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BOARD COMMISSIONERS MONTGOMERY COUNTY v. JOHN B. LUKENS (05/29/80)

decided: May 29, 1980.

BOARD OF COMMISSIONERS OF MONTGOMERY COUNTY, APPELLANT
v.
JOHN B. LUKENS, ET AL., APPELLEES



Appeal from the Order of the Court of Common Pleas of Montgomery County in case of John B. Lukens and Edward M. Cyrus, individually and as bargaining representatives of Montgomery County Detectives, and Montgomery County Detectives, in their own right v. Board of Commissioners of Montgomery County, No. 78-13295.

COUNSEL

George P. Wood, Stewart & Wood, for appellant.

J. Peirce Anderson, Kane, Pugh, Anderson, Subers & McBrien, for appellees.

President Judge Crumlish and Judges Wilkinson, Jr., Mencer, Rogers, Craig, MacPhail and Williams, Jr. Judge Blatt did not participate. Opinion by Judge Rogers. Dissenting Opinion by Judge Wilkinson, Jr.

Author: Rogers

[ 51 Pa. Commw. Page 577]

The Board of Commissioners of Montgomery County has appealed from a final order of the Court of Common Pleas of Montgomery County directing them to enter into collective bargaining with representatives of the Montgomery County detectives. We affirm.

On June 23, 1978, J. Peirce Anderson, Esquire, wrote to the Board of Commissioners as follows:

Please be advised that 21 of 24 of the County Detectives have determined to enter into collective bargaining pursuant to Act 111 [Act of June 24, 1968, P.L. 237, as amended, 43 P.S. § 217.1 et seq.] and have selected Lodge No. 14, Fraternal Order of Police-Team Concept and myself as bargaining agent and attorney. Accordingly, please accept this letter as a formal request to enter into bargaining sessions concerning terms and conditions of employment. . . ."

John Stewart, Esquire, replied on behalf of the Board of Commissioners by a letter dated June 30, 1978, writing in part:

It is the position of the Commissioners that Act 111 does not apply to Montgomery County and further that it is unconstitutional in scope and in intent. The Commissioners, therefore, regret to advise you that they will not enter into bargaining sessions with you or the Fraternal Order of Police.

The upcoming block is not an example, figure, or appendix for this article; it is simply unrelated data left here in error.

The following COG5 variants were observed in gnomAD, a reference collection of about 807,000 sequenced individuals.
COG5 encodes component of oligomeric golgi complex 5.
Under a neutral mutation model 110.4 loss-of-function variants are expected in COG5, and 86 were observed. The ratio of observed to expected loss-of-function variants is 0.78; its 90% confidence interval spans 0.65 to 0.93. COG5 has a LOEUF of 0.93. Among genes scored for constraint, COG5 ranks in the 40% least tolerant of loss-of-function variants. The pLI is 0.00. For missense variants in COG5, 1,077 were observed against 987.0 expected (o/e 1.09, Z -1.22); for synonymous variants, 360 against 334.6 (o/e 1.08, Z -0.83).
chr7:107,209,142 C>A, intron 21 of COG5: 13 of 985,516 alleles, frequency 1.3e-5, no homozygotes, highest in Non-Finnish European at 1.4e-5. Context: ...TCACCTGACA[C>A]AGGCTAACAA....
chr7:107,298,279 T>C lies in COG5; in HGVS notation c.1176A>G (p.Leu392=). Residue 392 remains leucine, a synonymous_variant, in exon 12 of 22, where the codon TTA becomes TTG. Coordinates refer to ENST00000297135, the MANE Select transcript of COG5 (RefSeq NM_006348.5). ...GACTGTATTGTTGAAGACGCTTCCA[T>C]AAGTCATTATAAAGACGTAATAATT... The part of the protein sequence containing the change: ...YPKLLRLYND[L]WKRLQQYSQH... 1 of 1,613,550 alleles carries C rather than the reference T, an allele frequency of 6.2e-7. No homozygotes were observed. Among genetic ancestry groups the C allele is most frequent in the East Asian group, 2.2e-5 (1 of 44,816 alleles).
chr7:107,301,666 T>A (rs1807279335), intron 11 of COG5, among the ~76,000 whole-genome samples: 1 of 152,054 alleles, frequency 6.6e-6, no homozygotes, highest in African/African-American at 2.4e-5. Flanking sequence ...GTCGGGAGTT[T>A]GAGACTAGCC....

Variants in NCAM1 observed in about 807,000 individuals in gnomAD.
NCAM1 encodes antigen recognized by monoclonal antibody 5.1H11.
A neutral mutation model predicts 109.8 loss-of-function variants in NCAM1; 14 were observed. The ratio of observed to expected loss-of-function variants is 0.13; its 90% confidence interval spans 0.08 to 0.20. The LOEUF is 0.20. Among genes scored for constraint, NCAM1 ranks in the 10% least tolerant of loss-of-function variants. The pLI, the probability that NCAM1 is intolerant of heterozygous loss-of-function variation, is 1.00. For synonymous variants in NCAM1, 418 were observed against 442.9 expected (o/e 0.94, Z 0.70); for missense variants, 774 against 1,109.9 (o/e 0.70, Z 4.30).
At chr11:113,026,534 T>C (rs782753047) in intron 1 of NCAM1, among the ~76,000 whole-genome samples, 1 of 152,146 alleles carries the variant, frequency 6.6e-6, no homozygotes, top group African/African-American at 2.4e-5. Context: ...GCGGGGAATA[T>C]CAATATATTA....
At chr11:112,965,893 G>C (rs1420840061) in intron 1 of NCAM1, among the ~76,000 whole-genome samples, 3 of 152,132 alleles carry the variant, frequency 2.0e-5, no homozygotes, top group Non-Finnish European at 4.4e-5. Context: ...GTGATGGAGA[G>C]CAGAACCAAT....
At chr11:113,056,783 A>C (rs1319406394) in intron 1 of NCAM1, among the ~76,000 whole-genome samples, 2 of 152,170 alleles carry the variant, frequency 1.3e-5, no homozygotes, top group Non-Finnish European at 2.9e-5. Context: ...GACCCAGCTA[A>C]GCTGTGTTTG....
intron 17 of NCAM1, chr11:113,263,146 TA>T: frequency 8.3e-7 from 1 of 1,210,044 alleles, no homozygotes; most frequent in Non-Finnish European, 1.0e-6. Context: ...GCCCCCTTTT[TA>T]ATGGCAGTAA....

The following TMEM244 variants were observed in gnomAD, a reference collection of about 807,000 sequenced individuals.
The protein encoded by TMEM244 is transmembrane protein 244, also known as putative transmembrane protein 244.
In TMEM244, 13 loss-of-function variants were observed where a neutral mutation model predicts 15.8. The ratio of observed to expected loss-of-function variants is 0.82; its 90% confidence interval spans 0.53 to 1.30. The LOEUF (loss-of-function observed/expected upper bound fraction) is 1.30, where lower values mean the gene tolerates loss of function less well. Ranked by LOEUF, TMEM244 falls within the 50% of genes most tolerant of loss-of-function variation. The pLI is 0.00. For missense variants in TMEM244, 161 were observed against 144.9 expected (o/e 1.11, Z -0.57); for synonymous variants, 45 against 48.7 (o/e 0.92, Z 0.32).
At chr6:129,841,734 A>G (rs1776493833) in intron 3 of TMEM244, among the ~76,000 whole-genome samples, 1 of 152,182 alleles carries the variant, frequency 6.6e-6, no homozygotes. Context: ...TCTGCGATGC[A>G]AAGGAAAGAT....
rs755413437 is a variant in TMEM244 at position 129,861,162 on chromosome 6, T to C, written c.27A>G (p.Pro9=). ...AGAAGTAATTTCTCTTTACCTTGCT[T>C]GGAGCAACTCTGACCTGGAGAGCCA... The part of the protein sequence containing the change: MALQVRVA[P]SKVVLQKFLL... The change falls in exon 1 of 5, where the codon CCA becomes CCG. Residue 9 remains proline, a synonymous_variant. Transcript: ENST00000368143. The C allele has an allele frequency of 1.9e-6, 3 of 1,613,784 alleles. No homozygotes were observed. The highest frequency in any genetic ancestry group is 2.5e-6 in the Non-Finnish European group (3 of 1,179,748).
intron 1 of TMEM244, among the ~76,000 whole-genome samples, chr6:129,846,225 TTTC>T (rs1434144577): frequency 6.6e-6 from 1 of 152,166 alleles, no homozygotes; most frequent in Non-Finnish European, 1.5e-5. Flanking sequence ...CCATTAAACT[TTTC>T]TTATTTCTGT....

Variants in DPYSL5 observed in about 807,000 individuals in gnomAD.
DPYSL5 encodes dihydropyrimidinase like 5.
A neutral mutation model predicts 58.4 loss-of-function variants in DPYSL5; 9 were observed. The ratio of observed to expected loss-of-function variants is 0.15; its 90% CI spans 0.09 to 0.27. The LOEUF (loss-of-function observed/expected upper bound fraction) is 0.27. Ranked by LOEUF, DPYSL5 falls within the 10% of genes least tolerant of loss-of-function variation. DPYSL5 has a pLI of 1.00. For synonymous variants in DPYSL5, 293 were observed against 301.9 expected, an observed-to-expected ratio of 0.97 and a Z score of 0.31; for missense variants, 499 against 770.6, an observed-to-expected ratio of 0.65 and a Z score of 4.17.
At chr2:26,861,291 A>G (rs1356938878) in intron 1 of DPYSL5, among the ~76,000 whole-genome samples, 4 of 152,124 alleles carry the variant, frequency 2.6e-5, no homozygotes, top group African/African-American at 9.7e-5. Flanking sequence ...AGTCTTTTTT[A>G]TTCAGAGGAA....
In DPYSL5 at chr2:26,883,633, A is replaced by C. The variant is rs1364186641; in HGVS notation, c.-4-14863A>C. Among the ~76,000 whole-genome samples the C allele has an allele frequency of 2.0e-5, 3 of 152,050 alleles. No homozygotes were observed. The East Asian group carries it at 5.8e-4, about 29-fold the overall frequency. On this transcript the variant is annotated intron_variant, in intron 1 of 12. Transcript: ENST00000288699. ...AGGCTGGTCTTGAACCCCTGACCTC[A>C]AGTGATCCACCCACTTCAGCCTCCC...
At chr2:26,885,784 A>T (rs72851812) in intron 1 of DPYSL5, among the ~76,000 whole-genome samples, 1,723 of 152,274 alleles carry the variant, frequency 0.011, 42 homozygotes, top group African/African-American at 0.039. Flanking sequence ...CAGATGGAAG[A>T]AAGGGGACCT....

[ 51 Pa. Commw. Page 578]

The appellees, Lukens and Cyrus and the county detectives in their own right, thereafter filed their complaint in mandamus against the Commissioners in which they alleged that Lukens and Cyrus had been selected by vote of the detectives to serve as a bargaining committee; that the Commissioners had refused to enter into collective bargaining with them; and that Act 111 required the Commissioners to bargain. They sought peremptory judgment ordering the Commissioners to begin collective bargaining with the appellees. The Commissioners filed an answer and new matter challenging inter alia the constitutionality of Act 111, the propriety of the election and selection of Lukens and Cyrus as bargaining representatives for the detectives and the appropriateness of mandamus and peremptory judgment therein. Over the objections of the Commissioners, a judge conducted a hearing at which both parties adduced evidence, the plaintiffs in support of and the defendants in opposition to, the former's application for peremptory judgment. The hearing judge found that the detectives perform the normal duties of policemen and that they had chosen appellees Lukens and Cyrus and one Hilborn to act as their bargaining agents. The trial judge concluded that Act 111 was applicable to the issues but that attorney Anderson's letter of June 23, 1978 was not timely notice to the Commissioners to begin collective bargaining at least six months before the start of the next fiscal year as required by Section 3 of Act 111, 43 P.S. § 217.3, because the letter had ...


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